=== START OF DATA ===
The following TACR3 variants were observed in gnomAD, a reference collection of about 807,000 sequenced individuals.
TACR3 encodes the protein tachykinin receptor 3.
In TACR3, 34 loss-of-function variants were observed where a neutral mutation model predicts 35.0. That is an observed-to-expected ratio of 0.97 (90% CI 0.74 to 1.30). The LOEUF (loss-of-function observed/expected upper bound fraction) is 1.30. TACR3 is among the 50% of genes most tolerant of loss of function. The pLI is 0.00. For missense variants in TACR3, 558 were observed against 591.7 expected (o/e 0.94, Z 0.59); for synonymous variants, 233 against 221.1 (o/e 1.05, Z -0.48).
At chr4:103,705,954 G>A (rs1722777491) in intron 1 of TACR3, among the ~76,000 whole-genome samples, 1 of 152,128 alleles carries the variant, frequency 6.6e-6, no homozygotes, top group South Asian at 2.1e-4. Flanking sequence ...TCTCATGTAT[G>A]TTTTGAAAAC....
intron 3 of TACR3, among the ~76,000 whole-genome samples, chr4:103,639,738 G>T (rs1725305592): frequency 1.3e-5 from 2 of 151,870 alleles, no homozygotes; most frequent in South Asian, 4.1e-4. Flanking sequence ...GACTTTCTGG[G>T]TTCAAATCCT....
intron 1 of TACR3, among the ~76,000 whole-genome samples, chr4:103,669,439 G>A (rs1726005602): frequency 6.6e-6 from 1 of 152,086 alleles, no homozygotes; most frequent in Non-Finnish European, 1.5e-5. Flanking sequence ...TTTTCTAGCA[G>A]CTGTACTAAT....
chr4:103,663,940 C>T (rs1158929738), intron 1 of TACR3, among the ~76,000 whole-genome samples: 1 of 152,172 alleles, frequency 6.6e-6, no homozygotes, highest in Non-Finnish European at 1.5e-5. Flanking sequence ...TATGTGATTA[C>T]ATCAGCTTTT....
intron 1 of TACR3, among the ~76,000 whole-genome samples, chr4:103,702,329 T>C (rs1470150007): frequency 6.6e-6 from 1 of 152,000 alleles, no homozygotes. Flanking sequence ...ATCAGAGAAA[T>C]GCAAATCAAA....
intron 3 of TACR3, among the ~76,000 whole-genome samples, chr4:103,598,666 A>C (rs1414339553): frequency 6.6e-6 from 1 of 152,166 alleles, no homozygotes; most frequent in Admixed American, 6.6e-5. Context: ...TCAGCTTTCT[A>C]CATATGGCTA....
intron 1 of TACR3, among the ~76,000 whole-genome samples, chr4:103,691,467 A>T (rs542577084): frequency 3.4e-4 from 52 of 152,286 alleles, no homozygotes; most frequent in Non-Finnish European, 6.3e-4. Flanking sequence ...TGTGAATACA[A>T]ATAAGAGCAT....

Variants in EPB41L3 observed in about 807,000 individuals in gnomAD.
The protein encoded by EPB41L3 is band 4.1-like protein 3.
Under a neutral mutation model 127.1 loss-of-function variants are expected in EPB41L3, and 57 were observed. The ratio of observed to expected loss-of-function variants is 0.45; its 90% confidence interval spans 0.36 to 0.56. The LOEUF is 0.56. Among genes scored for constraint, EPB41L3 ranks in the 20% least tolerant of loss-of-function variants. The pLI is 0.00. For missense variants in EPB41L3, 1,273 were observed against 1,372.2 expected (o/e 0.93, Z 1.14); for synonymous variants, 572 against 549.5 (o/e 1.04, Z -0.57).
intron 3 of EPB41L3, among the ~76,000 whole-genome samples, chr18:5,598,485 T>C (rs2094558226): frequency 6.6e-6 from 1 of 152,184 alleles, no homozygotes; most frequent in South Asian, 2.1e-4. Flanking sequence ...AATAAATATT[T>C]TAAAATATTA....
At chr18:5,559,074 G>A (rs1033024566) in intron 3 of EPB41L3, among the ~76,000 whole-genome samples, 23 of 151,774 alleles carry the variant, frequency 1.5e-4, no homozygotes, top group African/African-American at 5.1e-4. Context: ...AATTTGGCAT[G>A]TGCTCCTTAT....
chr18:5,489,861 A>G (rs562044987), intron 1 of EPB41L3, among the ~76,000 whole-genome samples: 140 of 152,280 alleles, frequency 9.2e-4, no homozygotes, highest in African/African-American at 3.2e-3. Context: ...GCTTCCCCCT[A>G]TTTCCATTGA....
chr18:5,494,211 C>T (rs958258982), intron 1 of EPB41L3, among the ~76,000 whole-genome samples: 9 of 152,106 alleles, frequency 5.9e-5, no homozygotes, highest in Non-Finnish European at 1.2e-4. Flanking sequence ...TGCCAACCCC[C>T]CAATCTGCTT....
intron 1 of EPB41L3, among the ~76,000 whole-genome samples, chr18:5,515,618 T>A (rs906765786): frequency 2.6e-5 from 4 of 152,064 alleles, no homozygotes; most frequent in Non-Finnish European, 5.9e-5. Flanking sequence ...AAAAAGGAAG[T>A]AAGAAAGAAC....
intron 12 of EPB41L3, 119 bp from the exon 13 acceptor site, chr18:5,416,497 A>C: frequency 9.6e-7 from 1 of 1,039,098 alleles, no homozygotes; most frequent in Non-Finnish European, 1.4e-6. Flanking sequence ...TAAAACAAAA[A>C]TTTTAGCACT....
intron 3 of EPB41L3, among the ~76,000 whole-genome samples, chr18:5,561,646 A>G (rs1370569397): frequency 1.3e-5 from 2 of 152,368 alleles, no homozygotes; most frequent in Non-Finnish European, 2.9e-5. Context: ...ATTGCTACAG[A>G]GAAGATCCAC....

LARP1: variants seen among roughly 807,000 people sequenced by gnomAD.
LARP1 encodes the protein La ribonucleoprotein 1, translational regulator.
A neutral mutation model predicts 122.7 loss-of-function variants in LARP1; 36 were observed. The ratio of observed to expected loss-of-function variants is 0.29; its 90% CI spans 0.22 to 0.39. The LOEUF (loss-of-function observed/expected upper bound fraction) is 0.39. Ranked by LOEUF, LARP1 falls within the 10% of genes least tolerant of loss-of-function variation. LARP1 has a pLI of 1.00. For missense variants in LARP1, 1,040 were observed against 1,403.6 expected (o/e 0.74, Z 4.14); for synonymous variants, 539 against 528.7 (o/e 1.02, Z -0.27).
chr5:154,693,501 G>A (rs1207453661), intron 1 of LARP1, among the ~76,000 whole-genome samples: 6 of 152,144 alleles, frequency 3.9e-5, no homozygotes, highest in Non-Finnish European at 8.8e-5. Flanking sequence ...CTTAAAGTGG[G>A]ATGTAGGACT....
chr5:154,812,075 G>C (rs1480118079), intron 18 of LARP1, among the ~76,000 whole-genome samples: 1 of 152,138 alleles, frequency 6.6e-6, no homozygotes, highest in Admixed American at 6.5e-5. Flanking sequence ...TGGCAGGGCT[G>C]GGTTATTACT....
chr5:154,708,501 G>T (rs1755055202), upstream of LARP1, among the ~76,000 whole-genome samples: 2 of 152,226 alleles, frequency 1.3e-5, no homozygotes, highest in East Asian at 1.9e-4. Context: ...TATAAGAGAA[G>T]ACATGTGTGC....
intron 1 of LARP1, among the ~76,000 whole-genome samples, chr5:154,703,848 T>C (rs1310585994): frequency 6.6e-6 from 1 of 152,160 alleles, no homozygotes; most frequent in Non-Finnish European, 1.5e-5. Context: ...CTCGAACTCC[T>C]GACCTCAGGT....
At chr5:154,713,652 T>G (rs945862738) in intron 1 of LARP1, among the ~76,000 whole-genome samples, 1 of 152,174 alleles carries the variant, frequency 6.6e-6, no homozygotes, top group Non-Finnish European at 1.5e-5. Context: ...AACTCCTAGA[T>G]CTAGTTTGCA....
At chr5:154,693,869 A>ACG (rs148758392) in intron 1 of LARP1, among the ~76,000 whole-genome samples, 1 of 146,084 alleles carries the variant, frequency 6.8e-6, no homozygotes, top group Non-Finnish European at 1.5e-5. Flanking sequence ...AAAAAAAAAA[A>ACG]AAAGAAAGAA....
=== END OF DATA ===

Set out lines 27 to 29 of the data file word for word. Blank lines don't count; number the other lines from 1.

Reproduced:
intron 1 of LARP1, among the ~76,000 whole-genome samples, chr5:154,703,848 T>C (rs1310585994): frequency 6.6e-6 from 1 of 152,160 alleles, no homozygotes; most frequent in Non-Finnish European, 1.5e-5. Context: ...CTCGAACTCC[T>C]GACCTCAGGT....
At chr5:154,713,652 T>G (rs945862738) in intron 1 of LARP1, among the ~76,000 whole-genome samples, 1 of 152,174 alleles carries the variant, frequency 6.6e-6, no homozygotes, top group Non-Finnish European at 1.5e-5. Context: ...AACTCCTAGA[T>G]CTAGTTTGCA....
At chr5:154,693,869 A>ACG (rs148758392) in intron 1 of LARP1, among the ~76,000 whole-genome samples, 1 of 146,084 alleles carries the variant, frequency 6.8e-6, no homozygotes, top group Non-Finnish European at 1.5e-5. Flanking sequence ...AAAAAAAAAA[A>ACG]AAAGAAAGAA....